Was marijuana legal during the Prohibition Era in Chicago? Guests have asked some variation of that countless times when we’re discussing that time of gangsters and jazzy entertainment. They wonder – if people couldn’t drink booze, then could that at least get stoned?
While recreational marijuana was newly legal in Illinois just about a year ago, the pandemic put a damper on its development. But Chicago sure is readier than ever now in 2021! But what about marijuana in Chicago history? Marijuana played a prominent, if contradictory role, back in the 1920s during the time of Prohibition in Chicago.
In order to research the history of marijuana in Chicago, I had to make sure I had the lingo right. The official names marijuana or hashish are pretty rare in newspapers of the time. Instead, journalists referred to it as “locoweed,” “muta” or “muggie” in slang. I have also heard “jazz cigarette” and, of course, “reefer.” The Spanish spelling, marihuana, was often used, too. In case you want to go retro, then there you go!
Where Was It in Chicago?
During the time of Prohibition, you could find marijuana in various party locales like cabarets, dancehalls, movie houses and nightclubs. And just like the slang term of “jazz cigarette,” it was not unfamiliar in nightclubs where the new and exciting genre of jazz was tied to cultural experimentation in myriad ways.
You could smell weed in hipster joints around Chicago, like the progressive Dill Pickle Club, not far at all from Bughouse Square. You also might encounter a waft of it walking on the streets of “Towertown,” the area just west of today’s Magnificent Mile. It’s hard to imagine that among the mostly corporate restaurants you’ll find here now, in the 1920s this area of Chicago was an artist community. It was full of artist studios, cafes and clubs, and all the “bohemians” that went along with that. Also on the North Side, you could go to Uptown, to the Green Mill (today one of the nation’s oldest continuously running jazz clubs).
On the South Side, Bronzeville’s recording studios, apartment building jam sessions, and nightclubs were full of it, too. Jazz was not just a music but an entire subculture where rules just didn’t matter as much. One jazz musician, Milton “Mezz” Mezzrow, was a clarinetist on the side but most of his income came from his full-time work as a marijuana dealer. He collaborated with Louis Armstrong, a Bronzeville resident and longtime proponent of the joys of smoking weed along with making music. Chicago music and smoking reefer were linked back then just as they are now!
The Moral Panic of Marijuana
The 1936 cult classic Reefer Madness was released just a few years after Prohibition ended. The film is utter propaganda from start to finish. Propaganda like Reefer Madness presented marijuana as a “giggle tobacco” that led to immoral behavior and eventual madness. Jazz came in for a beating, as well, depicted as the gateway, connecting otherwise wholesome teenagers to the “burning weed with its roots in hell.”
This poster from 1971 shows that the sentiment of Reefer Madness was alive and well decades later. The Inter-State Narcotic Association happens to have been based out of our office building at the Monadnock Building in downtown Chicago! It tells people to be careful of the conniving “friendly stranger!” They may even sneak the marijuana into your tea.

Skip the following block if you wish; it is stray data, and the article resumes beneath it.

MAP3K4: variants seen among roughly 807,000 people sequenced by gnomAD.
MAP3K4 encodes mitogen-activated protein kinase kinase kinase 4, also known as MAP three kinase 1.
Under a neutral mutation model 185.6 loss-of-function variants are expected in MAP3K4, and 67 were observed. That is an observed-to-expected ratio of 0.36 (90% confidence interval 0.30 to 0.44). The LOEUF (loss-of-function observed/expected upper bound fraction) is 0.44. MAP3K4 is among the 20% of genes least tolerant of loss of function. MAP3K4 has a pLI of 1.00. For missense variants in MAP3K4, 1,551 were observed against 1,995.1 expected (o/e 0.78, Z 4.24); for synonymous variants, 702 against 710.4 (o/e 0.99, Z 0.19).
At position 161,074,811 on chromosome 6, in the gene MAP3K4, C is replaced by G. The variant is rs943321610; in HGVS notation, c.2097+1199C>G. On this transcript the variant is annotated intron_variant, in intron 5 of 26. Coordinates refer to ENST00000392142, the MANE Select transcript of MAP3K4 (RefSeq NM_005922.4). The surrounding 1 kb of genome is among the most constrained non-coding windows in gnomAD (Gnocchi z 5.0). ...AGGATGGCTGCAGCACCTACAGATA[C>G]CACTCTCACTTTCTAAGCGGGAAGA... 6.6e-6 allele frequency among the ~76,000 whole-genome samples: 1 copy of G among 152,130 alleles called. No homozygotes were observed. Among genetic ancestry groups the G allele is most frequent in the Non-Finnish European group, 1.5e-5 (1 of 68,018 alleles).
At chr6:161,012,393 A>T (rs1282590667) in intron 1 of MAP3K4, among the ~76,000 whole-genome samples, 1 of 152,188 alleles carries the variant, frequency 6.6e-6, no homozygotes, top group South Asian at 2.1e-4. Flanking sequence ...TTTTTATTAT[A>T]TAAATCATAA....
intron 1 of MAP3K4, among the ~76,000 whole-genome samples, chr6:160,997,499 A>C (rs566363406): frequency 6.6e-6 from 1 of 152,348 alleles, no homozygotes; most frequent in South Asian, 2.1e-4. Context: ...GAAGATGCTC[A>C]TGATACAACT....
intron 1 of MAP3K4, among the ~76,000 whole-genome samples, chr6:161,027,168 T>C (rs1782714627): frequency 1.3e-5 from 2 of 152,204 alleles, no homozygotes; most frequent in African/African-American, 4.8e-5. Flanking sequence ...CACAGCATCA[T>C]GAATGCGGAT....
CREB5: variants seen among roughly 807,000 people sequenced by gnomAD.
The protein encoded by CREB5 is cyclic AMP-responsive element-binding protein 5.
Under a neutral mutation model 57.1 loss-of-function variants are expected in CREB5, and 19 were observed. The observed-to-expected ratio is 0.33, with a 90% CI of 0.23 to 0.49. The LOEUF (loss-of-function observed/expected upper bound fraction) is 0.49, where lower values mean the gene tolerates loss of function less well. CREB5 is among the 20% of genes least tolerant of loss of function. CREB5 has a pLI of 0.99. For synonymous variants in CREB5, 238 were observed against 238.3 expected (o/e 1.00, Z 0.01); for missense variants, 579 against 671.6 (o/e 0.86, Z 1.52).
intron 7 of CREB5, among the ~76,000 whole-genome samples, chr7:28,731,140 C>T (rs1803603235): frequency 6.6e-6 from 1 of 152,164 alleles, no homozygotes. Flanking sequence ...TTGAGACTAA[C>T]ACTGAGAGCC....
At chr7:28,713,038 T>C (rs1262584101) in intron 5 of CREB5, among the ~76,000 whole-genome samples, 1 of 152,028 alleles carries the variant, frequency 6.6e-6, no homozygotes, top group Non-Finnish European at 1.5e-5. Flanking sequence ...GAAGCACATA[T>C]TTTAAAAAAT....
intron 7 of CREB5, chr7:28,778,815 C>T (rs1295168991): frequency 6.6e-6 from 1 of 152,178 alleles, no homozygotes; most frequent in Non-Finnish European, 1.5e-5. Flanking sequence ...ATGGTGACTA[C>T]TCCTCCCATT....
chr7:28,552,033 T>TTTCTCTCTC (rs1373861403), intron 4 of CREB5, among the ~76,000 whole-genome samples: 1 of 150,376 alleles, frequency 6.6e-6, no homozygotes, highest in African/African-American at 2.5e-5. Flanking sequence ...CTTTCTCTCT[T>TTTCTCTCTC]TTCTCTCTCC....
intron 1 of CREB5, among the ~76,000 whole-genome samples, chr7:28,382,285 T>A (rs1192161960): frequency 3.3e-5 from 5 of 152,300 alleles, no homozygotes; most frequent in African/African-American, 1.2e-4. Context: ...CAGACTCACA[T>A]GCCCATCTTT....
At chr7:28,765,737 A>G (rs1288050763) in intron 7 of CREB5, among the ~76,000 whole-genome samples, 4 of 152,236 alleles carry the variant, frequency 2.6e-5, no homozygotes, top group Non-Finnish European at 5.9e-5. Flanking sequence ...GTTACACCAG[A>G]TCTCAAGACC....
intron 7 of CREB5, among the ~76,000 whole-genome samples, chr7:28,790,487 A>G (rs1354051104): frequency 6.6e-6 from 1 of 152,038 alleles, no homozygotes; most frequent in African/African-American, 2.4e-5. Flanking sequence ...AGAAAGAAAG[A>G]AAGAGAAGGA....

Marijuana was Legal During Prohibition
During Prohibition, the Federal Government was busy policing bootleggers and hard narcotics. All the focus was on booze. So state legislatures became the focal points for anti-marijuana crusaders. Under lobbying pressure, state legislators faced a choice as marijuana a medicine to be prescribed, a cigarettes to be taxed, or a narcotic to be banned?
Illinois didn’t ban marijuana until 1931. Which means, yes, marijuana was legal in Chicago during most of Prohibition. Throughout the 1920s, it was legal to get high but not drunk in Chicago.
Why Did the State Eventually Ban Marijuana?
Now let’s ask ourselves the big question, why would states want to outlaw marijuana back then? The campaign against marijuana is complex. Many believe that industrial interests fueled the fear of marijuana in order to protect the paper-making industry’s hemp supply. Others analysts point to a racist campaign against Mexican immigrants. A large number of Mexican emigrants fled to the US in the ’10s and ’20s to escape the violence of the Mexican Revolution. At that time, marijuana was primarily a pharmaceutical in the US, but was mostly smoked recreationally down in Mexico.
While not a ton of Mexican immigrants had settled in Chicago quite yet, they did have distinct communities near the steel mills on the South Side. Factory owners, as they had for a century already, recruited the immigrants en masse as a new source of cheap labor. Then the Great Depression savaged the American job market. This led to a competitiveness around securing jobs. People feared that immigrants would “steal” employment opportunities, and this resulted in a spike in xenophobia. Mexican immigrants were easy scapegoats. Banning a recreational drug associated with Mexican immigrants was an extension of this fear and anger.
Anti-German sentiments during WWI paved the way for the passage of Prohibition in 1919. And thus history may have repeated itself with the illegalization of marijuana in Illinois in 1931. But now you can buy all the weed, edibles, tinctures and anything else imaginable at the city’s new dispensaries. A weed tour company in Chicago will be operating soon. And most of all, maybe our dysfunctional prison system has taken a step towards reform.
– Chicago Detours Staff